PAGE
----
Eustis added that Cox Oil has a questionable record, with more than 600 oil wells operating in the Gulf of Mexico and 860 reported oil spills and accidents from 2004 to January 2023. A subsidiary, Cox Operating, filed for Chapter 11 bankruptcy in May, owing more than $200 million to local businesses in Louisiana, according to a news report. Chapter 11 bankruptcy does not mean a company is closing, but that it will likely restructure to pay off its debts. The company did not respond to a request for comment.

Justin Solet, a 38-year-old commercial shrimper and member of the United Houma Nation, a Native American tribe that lives in the Mississippi Delta, objects to the government and companies using his people’s wetlands for a massive experiment: pumping hundreds of millions of tons of pollution under the Gulf to see if it will stay there.

Justin Solet, a commercial fisherman and member of the United Houma Nation

“Basically, we’re rats in a laboratory, and they are forcing this carbon waste injection down our throats, trying to see if it’s going to work,” Solet said. “The history of indigenous people has always been that we have been the white rats in the laboratories for the colonizers. Everything has been tested on us and the Black population here. You remember Tuskegee, the experiments there. Industry has always tested it on what they call the ’other’ population, not on rich white people. It doesn’t travel through their neighborhoods.”

Archie Dantin, a fisherman on Grand Isle, objected to the proposed CO2 pipeline cutting though his island and its wetlands. “We are losing wetlands every day – a football field a day, or something like that.  It’s just ridiculous,” Dantin said.

Fisherman Archie Danton, seen standing here on the Grand Isle beach, is among those who objects to a proposed carbon pipeline through the island ripping up fragile wetlands.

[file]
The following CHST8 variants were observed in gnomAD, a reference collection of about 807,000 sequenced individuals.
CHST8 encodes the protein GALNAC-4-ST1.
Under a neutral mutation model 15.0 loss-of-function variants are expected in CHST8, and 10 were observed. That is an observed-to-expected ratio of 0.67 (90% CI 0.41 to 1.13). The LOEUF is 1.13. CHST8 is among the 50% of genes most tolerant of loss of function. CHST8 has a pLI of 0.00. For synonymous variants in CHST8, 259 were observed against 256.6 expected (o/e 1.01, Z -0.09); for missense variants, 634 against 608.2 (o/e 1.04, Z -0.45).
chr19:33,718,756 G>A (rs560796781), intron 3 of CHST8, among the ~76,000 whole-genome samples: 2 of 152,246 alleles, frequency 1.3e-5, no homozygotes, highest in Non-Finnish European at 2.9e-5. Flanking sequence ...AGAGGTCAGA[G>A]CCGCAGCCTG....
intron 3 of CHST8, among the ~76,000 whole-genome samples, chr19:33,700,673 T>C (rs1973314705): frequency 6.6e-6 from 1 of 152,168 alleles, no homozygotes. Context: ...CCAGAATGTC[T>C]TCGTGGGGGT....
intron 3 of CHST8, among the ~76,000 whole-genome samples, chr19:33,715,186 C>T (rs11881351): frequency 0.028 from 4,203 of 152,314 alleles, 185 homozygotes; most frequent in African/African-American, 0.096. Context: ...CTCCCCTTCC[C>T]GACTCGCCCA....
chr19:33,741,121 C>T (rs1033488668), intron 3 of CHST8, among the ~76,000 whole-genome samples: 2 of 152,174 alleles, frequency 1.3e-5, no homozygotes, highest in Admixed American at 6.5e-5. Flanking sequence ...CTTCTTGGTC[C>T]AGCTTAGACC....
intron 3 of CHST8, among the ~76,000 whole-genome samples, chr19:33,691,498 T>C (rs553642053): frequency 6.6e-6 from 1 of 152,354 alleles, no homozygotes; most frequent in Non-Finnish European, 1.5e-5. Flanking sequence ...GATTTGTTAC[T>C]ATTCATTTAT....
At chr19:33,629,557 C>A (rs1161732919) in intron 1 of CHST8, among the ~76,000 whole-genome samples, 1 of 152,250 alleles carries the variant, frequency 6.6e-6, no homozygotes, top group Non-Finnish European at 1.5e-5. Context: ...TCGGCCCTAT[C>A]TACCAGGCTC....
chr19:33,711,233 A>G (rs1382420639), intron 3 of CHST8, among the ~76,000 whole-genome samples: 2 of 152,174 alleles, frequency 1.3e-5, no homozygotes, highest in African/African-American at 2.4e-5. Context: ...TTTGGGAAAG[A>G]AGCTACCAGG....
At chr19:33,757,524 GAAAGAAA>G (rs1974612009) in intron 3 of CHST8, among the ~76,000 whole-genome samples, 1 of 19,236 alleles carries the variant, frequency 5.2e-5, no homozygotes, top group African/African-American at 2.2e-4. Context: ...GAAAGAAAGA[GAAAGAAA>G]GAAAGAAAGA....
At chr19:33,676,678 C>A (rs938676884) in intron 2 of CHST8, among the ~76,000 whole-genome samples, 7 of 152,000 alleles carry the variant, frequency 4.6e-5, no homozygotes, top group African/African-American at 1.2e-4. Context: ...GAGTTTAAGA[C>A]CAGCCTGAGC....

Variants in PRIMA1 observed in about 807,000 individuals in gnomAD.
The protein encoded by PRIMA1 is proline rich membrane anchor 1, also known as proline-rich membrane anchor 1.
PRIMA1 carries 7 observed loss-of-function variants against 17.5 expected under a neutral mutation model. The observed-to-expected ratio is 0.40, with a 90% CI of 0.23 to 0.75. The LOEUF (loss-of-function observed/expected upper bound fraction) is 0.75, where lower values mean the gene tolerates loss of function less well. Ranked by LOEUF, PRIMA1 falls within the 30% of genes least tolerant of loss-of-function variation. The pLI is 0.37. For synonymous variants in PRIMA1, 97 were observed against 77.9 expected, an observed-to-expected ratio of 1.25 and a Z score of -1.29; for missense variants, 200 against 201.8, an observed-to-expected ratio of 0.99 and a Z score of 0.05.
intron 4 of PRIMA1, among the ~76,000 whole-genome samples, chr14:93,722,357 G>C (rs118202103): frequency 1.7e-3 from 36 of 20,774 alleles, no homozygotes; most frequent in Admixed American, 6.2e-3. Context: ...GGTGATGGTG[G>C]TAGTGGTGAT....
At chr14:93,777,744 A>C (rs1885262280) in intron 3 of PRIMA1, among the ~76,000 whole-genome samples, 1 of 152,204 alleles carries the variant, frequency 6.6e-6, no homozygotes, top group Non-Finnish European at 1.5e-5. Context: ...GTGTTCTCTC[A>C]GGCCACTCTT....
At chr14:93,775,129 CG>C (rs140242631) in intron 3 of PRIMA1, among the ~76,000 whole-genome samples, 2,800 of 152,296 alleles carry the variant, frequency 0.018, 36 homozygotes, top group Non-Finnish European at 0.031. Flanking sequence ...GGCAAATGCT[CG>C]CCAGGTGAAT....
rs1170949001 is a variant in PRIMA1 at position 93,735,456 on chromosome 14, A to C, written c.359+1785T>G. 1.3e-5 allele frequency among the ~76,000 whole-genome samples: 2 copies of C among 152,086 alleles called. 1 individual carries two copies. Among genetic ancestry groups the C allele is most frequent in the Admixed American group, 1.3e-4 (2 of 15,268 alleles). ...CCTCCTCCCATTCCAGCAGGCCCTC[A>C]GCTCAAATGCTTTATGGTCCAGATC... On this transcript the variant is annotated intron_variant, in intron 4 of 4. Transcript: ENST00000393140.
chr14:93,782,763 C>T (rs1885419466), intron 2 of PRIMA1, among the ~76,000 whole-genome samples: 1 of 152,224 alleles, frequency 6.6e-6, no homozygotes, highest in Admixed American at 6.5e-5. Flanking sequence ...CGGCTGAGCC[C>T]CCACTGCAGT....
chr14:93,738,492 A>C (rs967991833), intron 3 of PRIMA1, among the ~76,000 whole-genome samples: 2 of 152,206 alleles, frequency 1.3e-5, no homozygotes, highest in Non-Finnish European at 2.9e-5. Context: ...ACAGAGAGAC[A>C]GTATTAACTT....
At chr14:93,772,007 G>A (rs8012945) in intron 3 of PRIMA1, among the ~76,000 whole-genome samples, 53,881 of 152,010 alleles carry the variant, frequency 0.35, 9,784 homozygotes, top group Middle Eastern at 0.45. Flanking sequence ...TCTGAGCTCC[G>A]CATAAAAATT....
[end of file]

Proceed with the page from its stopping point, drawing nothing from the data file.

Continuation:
The Louisiana Offshore CO2 Hub is the only proposal to bury the pollution beneath the floor of the Gulf of Mexico. But a similar project –  the Air Products Blue Energy pipeline – would pipe liquid carbon from a proposed hydrogen plant in Darrow, Louisiana, into wells beneath Lake Maurepas, north of New Orleans.

John Hoover III, a professional crabber on Lake Maurepas, said he noticed his blue crab catches drop off dramatically this past winter after a contractor for Air Products started detonating a series of 17,000 dynamite charges under the lake floor as a method of testing the geological formations before the construction of a carbon pipeline and disposal wells.

A company called Air Products Inc is proposing to pump liquid carbon dioxide waste from a new hydrogen plant into disposal wells beneath Lake Maurepas, raising protests from many local fishermen.  They object to the blasting for seismic testing and to the construction of several platforms above waste wells in what is now a pristine lake.

Before the blasting began, Hoover said he would normally catch 12 to 16 crates of blue crabs a day. These days, he’s only catching three or four crates a day – a decline he thinks could be linked to the blasting. He also worries about the planned construction of 10 to 14 platforms for waste disposal wells in what is now an untouched, scenic lake.

“My wife and spent our blood, sweat and tears building our house, right there overlooking Lake Maurepas, with its beautiful sunsets,” Hoover said on his crabbing boat, cruising past a bald cypress tree draped with Spanish moss. “And then we wake up one day [and] we are faced with this carbon capture project turning our beautiful pristine lake into an industrial dumping ground.”

Commercial fisherman John Hoover III says he noticed his catch of blue crabs from Lake Maurepas drop sharply after a contractor for Air Products started 17,000 explosive charges under the lake to test the geology for carbon waste disposal wells.